Here are five things creative businesses can do to overcome the challenges of hiring a diverse workforce.
1. Don’t be generic – it’s not one size fits all…
Businesses often make the mistake of assuming that if a particular way of recruiting suits another business it will be suitable for theirs.The first piece of advice I’d give any business is to look at your current workforce, who do you feel falls short in the application process? It’s from this point that you can create bespoke practical solutions to the issues affecting your process.
2. Ask for advice…
Don’t be apprehensive about discussing diversity and inclusion.You don’t have to be an expert in everything that might be affecting an individual’s employment however you do need to educate yourself. If you receive an application from an individual whose experiences might be different to yours or any you’re not familiar with, then seek third party support, experts, consultants, charities and health organisations for their advice. I.E. If someone has a disability, research what that disability is and how it impacts an individual – ask yourself if that really does prevent them from doing their job well? You’ll be surprised at how much we understand from perception rather than education. If you make a judgement on a candidate do so on an informed decision.
3. See it, Be It
Show off your visible, diverse role models that you currently have in the business. Even if it’s only one person, if your organisation is inclusive of class, gender, sexual orientation, ethnicity, individuals with unique backgrounds that go against the typical stereotypical view (take out ‘that you might have’) of talent, show them off. Sometimes, in order to think that something is for you – you need to be able to see people like you. Never underestimate the power of a positive role model that a candidate can relate to. It makes aspirations appear a reality and achievable. Not everyone wants to be the ‘first’ some people like the idea of joining an already inclusive environment.
4. Diversify your interview panel
Ensure that when you invite talent to an interview you have a panel of individuals that will provide a diversity of thought. By that, I mean difference in thinking…it’s one thing to have someone from a black, Asian, minority, ethnic (BAME) background on an interview panel… but it’s different if he/she is BAME but is also an Oxbridge grad, Grammar school educated individual who attended school with his Middle Class white peers, they will all have differences but will they all recognise and value the diversity of thought of someone from a BAME background who is from a working class background for example? Don’t always view diversity in light of ‘protected characteristics’, these are vital but ensure that there is a real diversity of thought on an interview panel, with individuals from different experiences and backgrounds to ensure that a person’s difference, whether aesthetic or not, is considered on merit and not familiarity. If your organisation doesn’t currently feel there is much diversity at senior level, then ask other experienced and relevant professionals across the business to join the panel.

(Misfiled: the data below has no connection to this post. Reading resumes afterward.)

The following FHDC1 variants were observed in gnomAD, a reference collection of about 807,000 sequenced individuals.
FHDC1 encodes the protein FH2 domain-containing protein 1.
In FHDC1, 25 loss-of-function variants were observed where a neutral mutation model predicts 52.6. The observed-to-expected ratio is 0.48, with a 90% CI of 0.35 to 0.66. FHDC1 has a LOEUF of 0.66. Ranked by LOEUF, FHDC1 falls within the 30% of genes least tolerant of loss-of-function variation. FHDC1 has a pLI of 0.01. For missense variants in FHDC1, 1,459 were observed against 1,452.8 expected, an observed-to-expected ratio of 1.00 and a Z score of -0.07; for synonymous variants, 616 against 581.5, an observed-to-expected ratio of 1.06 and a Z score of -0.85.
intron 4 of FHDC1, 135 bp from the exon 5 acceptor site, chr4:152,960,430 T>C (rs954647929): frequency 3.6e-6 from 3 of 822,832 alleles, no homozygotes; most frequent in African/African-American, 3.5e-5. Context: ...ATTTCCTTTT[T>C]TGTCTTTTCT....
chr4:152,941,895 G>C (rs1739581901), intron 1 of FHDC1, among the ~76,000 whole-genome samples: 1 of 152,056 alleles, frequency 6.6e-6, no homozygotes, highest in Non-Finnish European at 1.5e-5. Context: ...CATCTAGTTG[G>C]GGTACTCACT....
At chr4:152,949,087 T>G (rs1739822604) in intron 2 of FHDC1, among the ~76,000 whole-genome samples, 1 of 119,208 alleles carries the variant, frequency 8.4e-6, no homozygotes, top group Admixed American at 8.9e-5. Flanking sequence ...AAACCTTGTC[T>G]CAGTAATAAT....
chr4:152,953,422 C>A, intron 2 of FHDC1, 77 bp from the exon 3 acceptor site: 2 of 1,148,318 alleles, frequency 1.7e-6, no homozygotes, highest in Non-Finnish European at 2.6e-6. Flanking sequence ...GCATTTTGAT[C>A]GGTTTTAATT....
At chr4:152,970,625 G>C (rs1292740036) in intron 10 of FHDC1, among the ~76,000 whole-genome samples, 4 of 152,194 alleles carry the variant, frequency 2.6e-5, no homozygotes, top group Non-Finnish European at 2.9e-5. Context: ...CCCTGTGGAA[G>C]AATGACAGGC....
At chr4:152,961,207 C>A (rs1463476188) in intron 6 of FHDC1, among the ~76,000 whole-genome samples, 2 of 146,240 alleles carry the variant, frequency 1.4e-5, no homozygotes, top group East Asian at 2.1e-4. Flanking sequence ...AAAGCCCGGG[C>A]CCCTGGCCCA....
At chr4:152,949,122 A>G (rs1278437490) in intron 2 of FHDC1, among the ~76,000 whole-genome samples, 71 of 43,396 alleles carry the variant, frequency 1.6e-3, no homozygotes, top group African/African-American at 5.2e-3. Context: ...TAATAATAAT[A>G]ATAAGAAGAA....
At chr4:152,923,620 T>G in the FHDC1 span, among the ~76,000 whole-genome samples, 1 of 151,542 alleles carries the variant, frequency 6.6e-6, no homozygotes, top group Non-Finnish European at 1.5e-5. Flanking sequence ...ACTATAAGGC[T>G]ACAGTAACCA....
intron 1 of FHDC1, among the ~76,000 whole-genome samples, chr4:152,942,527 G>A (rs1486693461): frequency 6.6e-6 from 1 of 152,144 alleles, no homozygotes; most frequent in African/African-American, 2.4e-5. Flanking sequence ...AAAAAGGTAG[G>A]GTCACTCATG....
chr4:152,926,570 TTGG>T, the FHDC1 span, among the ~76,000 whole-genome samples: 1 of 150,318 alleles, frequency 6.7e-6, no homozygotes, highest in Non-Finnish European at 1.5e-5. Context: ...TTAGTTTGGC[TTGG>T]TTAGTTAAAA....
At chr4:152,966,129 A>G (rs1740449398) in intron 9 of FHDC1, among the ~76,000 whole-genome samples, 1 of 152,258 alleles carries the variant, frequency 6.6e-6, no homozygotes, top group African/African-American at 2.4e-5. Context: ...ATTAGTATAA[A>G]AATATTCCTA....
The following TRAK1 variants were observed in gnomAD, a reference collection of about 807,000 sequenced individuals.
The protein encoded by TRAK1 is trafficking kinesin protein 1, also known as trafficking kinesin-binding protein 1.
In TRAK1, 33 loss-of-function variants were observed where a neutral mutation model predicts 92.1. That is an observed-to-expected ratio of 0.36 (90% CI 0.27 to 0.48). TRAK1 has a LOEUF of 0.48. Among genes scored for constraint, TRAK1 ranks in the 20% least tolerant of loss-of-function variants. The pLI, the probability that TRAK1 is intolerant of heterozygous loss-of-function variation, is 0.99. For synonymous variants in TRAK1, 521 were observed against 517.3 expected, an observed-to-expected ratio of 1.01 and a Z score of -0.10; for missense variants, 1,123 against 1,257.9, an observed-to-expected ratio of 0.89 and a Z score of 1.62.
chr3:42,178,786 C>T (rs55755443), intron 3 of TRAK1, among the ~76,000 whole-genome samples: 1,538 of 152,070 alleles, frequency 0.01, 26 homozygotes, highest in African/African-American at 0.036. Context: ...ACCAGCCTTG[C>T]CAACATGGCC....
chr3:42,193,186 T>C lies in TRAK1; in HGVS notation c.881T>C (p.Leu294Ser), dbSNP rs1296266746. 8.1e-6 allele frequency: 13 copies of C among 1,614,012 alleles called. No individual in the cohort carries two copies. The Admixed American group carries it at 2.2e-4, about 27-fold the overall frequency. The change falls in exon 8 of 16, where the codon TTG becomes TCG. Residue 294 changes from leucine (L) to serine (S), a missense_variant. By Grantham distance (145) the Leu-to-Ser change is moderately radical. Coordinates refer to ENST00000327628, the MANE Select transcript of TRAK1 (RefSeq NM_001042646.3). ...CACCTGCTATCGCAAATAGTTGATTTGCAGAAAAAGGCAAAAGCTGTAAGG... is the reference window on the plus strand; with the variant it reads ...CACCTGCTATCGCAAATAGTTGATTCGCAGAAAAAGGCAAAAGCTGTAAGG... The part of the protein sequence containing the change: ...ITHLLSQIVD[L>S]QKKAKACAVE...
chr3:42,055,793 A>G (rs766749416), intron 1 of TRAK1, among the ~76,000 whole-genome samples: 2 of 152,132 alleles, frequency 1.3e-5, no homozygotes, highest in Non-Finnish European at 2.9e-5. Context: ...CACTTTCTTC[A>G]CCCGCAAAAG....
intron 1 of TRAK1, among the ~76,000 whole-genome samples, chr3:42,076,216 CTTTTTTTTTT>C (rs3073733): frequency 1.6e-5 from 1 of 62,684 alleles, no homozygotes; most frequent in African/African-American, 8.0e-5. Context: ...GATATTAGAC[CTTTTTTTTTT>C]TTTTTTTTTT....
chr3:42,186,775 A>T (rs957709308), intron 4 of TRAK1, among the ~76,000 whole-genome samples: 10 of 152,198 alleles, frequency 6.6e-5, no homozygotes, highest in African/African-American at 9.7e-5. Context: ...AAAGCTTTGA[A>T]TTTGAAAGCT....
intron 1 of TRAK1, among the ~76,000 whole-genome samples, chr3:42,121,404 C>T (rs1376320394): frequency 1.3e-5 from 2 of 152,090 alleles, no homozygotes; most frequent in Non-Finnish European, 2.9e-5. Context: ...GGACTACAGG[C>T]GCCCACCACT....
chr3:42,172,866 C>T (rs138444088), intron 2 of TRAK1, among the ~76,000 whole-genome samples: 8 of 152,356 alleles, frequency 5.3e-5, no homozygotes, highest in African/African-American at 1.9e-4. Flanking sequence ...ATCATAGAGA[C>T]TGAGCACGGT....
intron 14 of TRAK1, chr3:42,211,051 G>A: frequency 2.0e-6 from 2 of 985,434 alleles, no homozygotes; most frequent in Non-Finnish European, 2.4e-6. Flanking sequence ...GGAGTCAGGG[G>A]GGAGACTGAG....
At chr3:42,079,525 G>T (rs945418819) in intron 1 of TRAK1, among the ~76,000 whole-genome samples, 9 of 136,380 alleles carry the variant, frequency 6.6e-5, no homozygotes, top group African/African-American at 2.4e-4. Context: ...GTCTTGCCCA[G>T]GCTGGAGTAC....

5. Focus Groups
The best way to learn and grow is to ask for feedback and welcome constructive criticism.We often apply this to ourselves as professionals but not to our recruitment processes.
Before and sometimes while (where speed requires) recruiting for a business and before providing a bespoke recruitment solution, I often ask the market and my diverse talent pools how they find the recruitment and application process with the aim of discovering what they feel is preventing them from 1, applying, 2, being recruited and 3, being retained within the business. Once I’ve established this, I can help the businesses I serve to ensure their application process and attraction strategy starts off with a competitive advantage. In recruitment – with the tight turn-arounds, skills shortage and need for diversity to cure the creativity crisis that businesses may feel they are facing, prevention is often better than cure. If we want to innovate in our output, we should innovate in our processes to deliver if we really want to stay competitive and be seen as market leaders.
About the author: Joanna Abeyie is an award-winning, agenda-setting Diversity Champion and Recruiter, Social Campaigner, TV Executive, Broadcaster and Journalist. Aged just 29, Joanna’s TV productions saw her recognised among Broadcast Magazine’s Hotshots of 2016.
She founded the award-winning creative industry diverse talent recruitment business Shine Media in 2009, which recently morphed into Hyden as part of leading global recruiter SThree PLC. Hyden is a champion of diverse senior leadership talent in the creative industries, it leads the industry in providing innovative and unique services such as management on-boarding and post-placement mentoring. Having helped to place more than 3,000 people from diverse backgrounds in permanent and freelance jobs in the creative industries, it is Joanna’s efforts in improving the creative industry’s diversity that truly has made her stand out.